With such emphasis on this relationship, casting the right actor to play the haunted son must have been an extensive process. How did the young star come to be the actor chosen for the role?
"It was just through Kerry's instincts. He was auditioning children and came across Fin, who hadn't done a lot of work, but who had all these qualities that made sense with this character. Then, having worked with a lot of amazing actors in my life, from Denzel Washington to Johnny Depp, when meeting Fin, there was a chemistry. You just don't know what's going to happen when you're dealing with children but he was a really serious little actor and improviser. As soon as I met him, I knew that there was going to be something about him. I guess that's what Kerry was reacting to when he cast him as well."
It's a first feature for director Kerry Harris, but certainly not his first rodeo. In fact, he had previously worked with Lin Shaye and Henry Thomas on web series Grip and Electric. These previous working relationships must have been a huge help with a small team on a tight budget
"What was cool about Kerry is that he satisfied all of our actor's egos. He allowed us to play out our own ideas, because we were all embroidering the mythology of what is a dreamcatcher and some of that was going on during the shoot. There was also a really flexible DP, George Wieser, who was very open to moving with us, and if we changed our minds he wasn't frustrated with moving the camera here to there or whatever.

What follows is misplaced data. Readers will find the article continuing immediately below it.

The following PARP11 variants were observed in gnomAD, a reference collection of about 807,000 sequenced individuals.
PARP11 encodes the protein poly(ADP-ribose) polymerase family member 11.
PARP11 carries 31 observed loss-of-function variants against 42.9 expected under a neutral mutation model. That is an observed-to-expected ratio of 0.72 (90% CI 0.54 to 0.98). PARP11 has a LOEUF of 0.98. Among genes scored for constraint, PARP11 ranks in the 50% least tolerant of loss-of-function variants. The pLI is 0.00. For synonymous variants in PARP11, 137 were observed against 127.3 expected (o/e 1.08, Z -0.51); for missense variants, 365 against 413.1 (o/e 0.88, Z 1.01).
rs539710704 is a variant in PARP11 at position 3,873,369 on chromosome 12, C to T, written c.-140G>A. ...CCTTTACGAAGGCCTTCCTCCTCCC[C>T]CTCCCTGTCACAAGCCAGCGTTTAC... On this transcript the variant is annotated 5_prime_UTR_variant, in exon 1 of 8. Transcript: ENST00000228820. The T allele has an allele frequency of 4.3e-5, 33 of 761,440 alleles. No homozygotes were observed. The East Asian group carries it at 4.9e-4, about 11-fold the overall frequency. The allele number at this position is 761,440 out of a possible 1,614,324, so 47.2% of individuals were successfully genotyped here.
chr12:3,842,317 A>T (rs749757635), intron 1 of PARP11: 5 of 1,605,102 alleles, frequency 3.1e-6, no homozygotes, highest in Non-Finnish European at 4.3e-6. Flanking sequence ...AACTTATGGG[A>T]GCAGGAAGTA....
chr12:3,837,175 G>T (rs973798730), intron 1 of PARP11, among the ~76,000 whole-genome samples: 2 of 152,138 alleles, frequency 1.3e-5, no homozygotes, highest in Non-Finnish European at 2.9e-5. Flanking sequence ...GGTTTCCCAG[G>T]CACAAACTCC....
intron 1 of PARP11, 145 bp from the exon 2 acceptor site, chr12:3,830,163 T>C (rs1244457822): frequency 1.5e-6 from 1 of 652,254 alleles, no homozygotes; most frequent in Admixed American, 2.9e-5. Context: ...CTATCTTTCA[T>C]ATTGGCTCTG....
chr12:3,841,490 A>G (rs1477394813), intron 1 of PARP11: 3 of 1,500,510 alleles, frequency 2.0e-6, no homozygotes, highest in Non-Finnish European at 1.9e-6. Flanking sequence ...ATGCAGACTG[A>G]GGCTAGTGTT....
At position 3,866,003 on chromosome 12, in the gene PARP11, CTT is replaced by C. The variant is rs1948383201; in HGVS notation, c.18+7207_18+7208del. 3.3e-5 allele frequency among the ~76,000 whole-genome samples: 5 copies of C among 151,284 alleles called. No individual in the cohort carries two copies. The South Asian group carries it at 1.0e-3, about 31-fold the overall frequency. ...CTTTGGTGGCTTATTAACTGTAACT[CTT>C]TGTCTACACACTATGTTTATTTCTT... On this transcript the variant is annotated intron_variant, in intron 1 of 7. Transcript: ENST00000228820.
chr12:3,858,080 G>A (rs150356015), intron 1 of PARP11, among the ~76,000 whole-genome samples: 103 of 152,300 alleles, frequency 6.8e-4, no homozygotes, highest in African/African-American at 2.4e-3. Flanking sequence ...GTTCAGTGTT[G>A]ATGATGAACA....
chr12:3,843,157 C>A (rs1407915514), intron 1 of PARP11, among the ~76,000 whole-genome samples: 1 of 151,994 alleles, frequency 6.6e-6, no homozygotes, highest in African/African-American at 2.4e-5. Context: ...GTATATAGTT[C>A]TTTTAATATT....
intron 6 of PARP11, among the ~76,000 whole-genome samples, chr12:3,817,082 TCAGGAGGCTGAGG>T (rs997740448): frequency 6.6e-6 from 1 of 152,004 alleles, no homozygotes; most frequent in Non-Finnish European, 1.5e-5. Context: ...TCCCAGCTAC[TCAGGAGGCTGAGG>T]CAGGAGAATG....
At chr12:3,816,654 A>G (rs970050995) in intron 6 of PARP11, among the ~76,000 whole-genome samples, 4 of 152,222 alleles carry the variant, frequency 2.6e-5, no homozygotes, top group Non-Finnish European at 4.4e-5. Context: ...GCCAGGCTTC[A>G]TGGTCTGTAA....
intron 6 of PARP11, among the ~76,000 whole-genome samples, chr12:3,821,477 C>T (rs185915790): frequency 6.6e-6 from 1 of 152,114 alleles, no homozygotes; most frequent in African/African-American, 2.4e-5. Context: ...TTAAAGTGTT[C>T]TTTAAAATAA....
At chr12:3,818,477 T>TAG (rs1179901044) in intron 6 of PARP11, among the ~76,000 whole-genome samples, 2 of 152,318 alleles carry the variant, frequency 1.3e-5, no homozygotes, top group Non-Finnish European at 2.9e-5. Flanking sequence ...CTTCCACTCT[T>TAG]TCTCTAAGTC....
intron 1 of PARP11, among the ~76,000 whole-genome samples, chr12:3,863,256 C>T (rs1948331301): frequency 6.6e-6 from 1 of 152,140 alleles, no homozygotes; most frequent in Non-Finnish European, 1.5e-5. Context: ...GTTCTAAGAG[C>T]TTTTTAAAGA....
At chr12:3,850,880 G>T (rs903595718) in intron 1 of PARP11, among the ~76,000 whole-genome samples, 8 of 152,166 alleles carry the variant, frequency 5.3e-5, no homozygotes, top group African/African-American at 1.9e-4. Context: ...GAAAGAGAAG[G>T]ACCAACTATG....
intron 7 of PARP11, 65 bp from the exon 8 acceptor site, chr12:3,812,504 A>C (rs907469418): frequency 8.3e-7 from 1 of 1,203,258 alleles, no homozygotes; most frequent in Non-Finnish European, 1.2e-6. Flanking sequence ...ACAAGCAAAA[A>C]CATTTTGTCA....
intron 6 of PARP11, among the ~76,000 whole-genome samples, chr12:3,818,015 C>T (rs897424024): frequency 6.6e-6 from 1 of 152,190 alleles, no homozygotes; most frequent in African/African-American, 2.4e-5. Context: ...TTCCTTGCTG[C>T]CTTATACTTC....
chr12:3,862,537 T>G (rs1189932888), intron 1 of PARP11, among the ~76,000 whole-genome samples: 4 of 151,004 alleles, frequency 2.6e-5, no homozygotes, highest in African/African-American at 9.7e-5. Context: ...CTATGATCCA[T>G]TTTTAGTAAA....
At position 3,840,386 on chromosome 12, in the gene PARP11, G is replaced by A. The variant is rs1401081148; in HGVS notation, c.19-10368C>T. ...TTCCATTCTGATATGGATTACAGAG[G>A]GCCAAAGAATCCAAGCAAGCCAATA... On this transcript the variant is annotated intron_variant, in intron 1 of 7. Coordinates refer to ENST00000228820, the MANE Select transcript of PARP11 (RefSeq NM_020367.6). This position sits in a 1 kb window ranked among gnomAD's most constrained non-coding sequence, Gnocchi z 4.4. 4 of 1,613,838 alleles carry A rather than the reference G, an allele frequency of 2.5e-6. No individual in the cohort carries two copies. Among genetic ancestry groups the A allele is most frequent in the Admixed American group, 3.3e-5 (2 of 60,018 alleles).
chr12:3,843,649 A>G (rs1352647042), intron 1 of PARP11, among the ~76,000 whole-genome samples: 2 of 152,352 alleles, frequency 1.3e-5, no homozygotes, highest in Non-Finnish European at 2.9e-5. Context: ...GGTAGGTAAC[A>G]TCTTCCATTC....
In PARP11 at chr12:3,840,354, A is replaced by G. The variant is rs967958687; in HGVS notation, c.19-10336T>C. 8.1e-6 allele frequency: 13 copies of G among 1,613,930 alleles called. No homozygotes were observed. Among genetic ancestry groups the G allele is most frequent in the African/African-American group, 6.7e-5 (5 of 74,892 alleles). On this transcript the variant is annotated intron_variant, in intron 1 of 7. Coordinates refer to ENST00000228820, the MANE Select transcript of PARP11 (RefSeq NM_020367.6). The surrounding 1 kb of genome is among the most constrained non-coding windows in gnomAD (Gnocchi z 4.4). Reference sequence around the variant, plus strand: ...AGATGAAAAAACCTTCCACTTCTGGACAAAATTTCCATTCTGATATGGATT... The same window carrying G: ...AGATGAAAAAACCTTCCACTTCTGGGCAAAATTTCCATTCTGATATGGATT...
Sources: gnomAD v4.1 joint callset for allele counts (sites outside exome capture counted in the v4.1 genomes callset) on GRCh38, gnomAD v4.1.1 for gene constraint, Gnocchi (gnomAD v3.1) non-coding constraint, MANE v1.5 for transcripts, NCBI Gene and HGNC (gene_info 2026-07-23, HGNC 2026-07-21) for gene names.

"We weren't stuck in the mud about what it could be. That was because Kerry was flexible and open minded about things and aware of what, I think, the real the magic of cinema is, when people can be surprised by what they're creating. There was that excitement and uncertainty at times which kept us inspired."
Another inspiration while making the film, as in the case of so many horror films, is the location and the setting in which the story is told. Production design and art direction play such an important part in building the world of any story, but particularly in horror.
"Particularly in this one, because the house frames the story and also creates a real sense of who the characters are. Henry's character is a commercial music writer. You get a sense that you're in the space of the musician. There's a bohemian feeling to the space but we were literally in a house with no cell phone reception in, not the middle of nowhere, but somewhere quite isolated.
"Lin's space, a friend of Kerry's owned the barn where that set was. The woman who owned the barn was this bohemian artist type person. She had these teepees on the property that informed a lot of just the background of Lin's character.
"The main house was an old house and it did have a creaky staircase and the kids' room was like an attic space. It had the original finishing, it was pokey up there. You had real sense of history and a ghostly feeling almost to the point of cliche [laughter]. The house was perfect for the creepy side of things but it also had a beauty and a romance to it. These places were definitely voices in the story."
Moving away from the film, back in 2002 Radha directed her own feature film Four Reasons, starring alongside Josh Lucas. Did having that experience behind the camera change how she approached her future work in front of it?